Happy ACADEMIC NEW YEAR!!!
What I love most about working in a college is the September fresh start. The exciting beginning of something new, the wonderful feeling of “I’ve got this!”, “it’s gonna be different this year”, “I’m going to be way more organized this time”. You get the chance to try new strategies which will take a wee bit more effort than just positive thinking. You have to do things differently if you want a different outcome.
The biggest risk to your success is the mental baggage that you are carrying around, probably subconsciously, in that wonderful brain of yours.
Often the focus is on all of your…
…and virtually none of the positive things that you have done to get this far in life and all the way to college! Good work BTW 🙂
So, I wanted to start this academic year off by kicking the butt of self-doubt and procrastination hard with mind control….mahwahahaha >;)
No seriously, we can master our minds!
The first challenge I have for you is to begin the process of thinking about failure in a different way. To get you started on this epic mind shift, start by working on thinking about failure in a different way, like these successful folks do.
Don’t Give Up!
One of the most important skills to build on your road to achieving your goals is resilience. Before you apply your time management strategies, before you start attacking your textbook readings, even before you start your classes, start thinking about building a mindset that is ready for the resilience building journey.
In modern research psychology it has become popular to use the word GRIT to describe a form of resilience. Dr. Angela Duckworth is a pretty incredible social psychology researcher on GRIT and she describes it as “perseverance and passion for long-term goals.” I think it takes resilience to bounce back from failure to persevere through adversity and maintain your focus and passion on the path toward your goals. If you want to learn more about GRIT, check out her TedTalk!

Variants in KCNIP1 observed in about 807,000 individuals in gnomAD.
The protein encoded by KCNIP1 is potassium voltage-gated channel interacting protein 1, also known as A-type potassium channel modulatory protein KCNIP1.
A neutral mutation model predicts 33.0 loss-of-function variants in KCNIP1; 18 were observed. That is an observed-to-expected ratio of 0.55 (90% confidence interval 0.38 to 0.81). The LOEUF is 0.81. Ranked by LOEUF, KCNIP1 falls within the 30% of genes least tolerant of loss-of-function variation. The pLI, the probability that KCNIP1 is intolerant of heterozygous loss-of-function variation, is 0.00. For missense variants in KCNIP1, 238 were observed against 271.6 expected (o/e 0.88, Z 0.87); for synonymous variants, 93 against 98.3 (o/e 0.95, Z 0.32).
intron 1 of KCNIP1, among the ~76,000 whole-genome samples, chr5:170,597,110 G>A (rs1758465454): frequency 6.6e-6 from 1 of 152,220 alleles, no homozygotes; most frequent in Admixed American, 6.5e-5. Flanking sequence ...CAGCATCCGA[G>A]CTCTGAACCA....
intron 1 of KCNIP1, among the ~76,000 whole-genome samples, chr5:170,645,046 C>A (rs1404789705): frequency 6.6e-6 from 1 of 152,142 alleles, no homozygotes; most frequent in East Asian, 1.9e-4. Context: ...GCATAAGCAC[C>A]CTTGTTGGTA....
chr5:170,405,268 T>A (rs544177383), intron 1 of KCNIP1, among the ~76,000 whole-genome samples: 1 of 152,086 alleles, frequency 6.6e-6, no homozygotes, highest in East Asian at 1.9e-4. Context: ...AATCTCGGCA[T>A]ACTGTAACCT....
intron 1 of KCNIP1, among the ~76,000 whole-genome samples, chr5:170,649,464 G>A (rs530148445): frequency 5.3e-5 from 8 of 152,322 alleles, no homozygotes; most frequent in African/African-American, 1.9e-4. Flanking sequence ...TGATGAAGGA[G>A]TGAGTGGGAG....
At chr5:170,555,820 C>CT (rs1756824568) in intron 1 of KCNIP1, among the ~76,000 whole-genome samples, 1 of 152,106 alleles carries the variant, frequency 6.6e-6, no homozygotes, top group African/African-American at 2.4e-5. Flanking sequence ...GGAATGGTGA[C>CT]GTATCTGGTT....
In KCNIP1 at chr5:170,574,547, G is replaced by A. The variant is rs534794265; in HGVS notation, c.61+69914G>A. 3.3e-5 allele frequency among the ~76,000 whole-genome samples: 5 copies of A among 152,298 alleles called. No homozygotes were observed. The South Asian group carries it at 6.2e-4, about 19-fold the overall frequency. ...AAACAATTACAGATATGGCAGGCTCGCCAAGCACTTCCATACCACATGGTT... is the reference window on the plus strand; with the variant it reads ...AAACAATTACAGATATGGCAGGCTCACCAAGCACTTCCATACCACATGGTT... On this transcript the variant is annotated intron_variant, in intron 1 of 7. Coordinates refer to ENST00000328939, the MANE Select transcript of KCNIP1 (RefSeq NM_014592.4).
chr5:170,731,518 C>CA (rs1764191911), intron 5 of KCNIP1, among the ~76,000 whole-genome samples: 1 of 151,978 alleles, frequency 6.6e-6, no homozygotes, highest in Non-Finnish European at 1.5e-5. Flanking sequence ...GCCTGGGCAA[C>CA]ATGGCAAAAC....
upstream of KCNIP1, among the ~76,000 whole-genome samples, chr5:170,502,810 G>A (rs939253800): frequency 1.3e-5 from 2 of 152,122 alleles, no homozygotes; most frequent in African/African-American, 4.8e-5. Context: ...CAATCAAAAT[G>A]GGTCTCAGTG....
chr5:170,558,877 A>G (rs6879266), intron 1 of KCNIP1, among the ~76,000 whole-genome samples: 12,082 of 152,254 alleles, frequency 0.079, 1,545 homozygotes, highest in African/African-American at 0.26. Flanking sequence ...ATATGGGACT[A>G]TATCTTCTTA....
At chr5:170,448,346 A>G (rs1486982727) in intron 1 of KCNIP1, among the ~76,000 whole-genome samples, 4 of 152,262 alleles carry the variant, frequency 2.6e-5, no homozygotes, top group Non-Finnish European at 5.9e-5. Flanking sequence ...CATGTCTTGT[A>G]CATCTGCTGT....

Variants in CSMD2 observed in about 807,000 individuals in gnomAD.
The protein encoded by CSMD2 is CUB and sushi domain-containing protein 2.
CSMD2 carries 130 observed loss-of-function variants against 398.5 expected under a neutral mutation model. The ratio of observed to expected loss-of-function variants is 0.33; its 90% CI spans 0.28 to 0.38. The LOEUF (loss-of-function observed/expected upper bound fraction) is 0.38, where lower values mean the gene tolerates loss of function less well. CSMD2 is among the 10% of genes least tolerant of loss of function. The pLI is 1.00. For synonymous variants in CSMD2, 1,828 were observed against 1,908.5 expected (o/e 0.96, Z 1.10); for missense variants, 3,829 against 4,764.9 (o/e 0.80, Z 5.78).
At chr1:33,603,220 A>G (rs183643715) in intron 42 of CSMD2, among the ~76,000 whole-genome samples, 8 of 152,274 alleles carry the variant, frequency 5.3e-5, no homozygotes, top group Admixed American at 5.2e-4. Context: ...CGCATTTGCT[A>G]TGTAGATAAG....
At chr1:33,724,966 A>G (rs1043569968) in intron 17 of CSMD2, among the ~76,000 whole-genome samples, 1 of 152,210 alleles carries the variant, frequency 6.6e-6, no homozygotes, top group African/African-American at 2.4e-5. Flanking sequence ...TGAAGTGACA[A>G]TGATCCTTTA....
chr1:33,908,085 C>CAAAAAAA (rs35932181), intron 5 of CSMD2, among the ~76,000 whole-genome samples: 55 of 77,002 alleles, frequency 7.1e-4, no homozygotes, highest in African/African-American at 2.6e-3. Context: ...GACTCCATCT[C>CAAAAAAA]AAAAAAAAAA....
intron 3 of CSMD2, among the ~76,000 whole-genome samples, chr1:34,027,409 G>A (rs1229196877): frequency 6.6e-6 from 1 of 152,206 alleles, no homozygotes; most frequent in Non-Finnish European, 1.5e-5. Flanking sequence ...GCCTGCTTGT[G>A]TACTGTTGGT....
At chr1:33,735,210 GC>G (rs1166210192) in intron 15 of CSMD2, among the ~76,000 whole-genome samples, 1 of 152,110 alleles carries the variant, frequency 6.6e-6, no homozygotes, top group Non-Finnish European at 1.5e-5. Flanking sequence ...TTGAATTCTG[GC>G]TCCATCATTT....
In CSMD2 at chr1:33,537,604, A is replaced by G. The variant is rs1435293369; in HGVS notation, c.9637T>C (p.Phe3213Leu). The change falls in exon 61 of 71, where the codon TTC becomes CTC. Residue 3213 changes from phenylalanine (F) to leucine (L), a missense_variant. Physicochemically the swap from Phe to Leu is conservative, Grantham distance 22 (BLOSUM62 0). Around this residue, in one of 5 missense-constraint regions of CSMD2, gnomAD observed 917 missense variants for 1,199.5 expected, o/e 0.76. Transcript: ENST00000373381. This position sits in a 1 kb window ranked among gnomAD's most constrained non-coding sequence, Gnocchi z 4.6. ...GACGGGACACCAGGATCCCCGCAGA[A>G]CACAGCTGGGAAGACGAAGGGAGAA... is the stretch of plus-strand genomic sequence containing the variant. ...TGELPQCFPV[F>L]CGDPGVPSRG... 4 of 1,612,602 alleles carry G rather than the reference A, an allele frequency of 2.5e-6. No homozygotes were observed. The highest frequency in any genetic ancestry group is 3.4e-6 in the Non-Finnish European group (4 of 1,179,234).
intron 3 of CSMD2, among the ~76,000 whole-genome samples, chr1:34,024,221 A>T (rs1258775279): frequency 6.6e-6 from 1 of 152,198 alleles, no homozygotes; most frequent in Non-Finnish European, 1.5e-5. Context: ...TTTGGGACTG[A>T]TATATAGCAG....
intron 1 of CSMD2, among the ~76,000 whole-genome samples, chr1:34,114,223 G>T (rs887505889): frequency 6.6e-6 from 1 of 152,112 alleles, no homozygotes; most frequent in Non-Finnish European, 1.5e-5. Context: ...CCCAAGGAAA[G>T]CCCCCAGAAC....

Courage, bravery, backbone, spirit, “strength of character”, willful, moral fiber, nerve, fortitude, toughness, hardiness, resolve, resolution, determination, tenacity, perseverance, endurance, guts & spunk!
“Life doesn’t get easier or more forgiving,
we get stronger and more resilient”
Let’s Get GRITTY and Resilient!
I want to use this awesome award winning video short created by Alan Barillaro, a Canadian and a Sheridan College graduate. The short involves a hungry baby sandpiper learning to overcome her fear of the water.
This video is such a brilliant way to show how people can learn their way through their fears and create the opportunity to develop to their fullest potential.
Build Resilience, Prepare Your Brain!
Think about a time in your life that was particularly challenging or demanding, especially one that was difficult emotionally. Think about how you handled that situation and eventually came through on the other side.
Answer these questions:
- What was your goal?
- What was the outcome?
- What obstacles did you have to overcome?
- What unpleasant feelings and thoughts do you remember having in the situation?
- Who, if anyone, did you receive external help and support from?
- What specific attitudes and skills helped you cope with the situation?
- How would you rate your resilience in that situation?
- Why wasn’t it 0%?
- What strengths and personal qualities helped you?
- If it wasn’t 100%, how could your resilience be improved during similar situations in the future?
- Based on your experience how might you advise someone else to cope with a similar situation in the future?
Since life is not going to get any easier, we need to get stronger to deal with it.
The big secret to success is sticking around long enough to see all your hard work turn into something great. Essentially, getting your butt handed to you and saying, “ok, that happened, sigh, now what do I need to do next?”
Tell me about your journey!
#YouGotThis #LiveFully #MentalWellness
Dr. Heather Drummond, C.Psych.
Psychologist * Passionate Advocate for Flourishing * A Human Muddling Through
Please feel comfortable emailing me or commenting on this post. I love hearing your feedback and suggestions for topics!